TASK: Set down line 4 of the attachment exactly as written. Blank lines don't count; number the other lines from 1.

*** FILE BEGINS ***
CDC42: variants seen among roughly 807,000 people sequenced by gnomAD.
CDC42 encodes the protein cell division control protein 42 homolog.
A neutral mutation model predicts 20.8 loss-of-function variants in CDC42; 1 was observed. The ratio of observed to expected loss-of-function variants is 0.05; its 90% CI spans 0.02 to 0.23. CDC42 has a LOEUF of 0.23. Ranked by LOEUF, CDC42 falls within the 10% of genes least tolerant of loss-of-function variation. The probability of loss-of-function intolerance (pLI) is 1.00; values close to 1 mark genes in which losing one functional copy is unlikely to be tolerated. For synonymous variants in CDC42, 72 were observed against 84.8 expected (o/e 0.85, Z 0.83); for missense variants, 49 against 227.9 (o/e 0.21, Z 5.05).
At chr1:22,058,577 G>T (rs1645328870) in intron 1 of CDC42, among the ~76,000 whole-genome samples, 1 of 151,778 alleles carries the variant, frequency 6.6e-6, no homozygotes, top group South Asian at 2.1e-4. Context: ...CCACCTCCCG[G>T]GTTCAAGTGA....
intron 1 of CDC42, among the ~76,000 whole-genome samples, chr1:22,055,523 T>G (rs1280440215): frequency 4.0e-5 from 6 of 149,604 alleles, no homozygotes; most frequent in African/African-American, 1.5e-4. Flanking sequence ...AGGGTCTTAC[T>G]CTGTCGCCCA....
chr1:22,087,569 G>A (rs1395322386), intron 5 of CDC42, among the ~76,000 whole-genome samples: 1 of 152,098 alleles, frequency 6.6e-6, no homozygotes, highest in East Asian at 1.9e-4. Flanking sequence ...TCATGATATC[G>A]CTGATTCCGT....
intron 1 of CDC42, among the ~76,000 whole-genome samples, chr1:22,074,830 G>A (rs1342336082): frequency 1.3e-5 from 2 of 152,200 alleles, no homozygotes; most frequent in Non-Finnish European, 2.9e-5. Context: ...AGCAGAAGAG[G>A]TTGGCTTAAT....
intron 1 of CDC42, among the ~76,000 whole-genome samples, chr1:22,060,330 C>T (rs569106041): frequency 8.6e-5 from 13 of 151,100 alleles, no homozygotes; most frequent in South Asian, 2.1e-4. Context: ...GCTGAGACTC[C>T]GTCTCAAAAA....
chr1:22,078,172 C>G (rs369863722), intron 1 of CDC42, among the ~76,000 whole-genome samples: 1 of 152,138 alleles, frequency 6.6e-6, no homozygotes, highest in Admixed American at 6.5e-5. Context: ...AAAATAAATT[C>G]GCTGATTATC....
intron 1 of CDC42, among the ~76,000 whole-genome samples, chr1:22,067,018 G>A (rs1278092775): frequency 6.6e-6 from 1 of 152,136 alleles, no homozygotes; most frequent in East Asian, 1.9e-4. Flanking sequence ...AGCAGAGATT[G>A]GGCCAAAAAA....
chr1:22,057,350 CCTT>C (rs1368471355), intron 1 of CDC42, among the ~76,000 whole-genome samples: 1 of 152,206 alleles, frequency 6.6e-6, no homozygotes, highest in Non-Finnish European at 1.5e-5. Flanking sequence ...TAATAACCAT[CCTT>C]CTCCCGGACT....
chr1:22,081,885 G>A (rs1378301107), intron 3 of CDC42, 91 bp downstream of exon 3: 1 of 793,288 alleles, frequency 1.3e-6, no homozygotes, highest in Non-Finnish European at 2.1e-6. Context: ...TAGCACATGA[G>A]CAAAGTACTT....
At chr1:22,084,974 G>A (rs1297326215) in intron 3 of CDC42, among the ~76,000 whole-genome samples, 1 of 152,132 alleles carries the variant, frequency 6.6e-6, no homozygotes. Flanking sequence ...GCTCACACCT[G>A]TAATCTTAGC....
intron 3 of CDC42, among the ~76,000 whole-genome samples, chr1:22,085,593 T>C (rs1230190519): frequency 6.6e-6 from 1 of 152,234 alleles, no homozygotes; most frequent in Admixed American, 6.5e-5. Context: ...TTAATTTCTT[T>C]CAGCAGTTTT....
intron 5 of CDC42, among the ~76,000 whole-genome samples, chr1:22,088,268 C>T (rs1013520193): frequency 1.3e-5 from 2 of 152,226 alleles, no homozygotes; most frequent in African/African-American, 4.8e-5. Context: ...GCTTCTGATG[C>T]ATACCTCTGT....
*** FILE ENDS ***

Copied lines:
At chr1:22,058,577 G>T (rs1645328870) in intron 1 of CDC42, among the ~76,000 whole-genome samples, 1 of 151,778 alleles carries the variant, frequency 6.6e-6, no homozygotes, top group South Asian at 2.1e-4. Context: ...CCACCTCCCG[G>T]GTTCAAGTGA....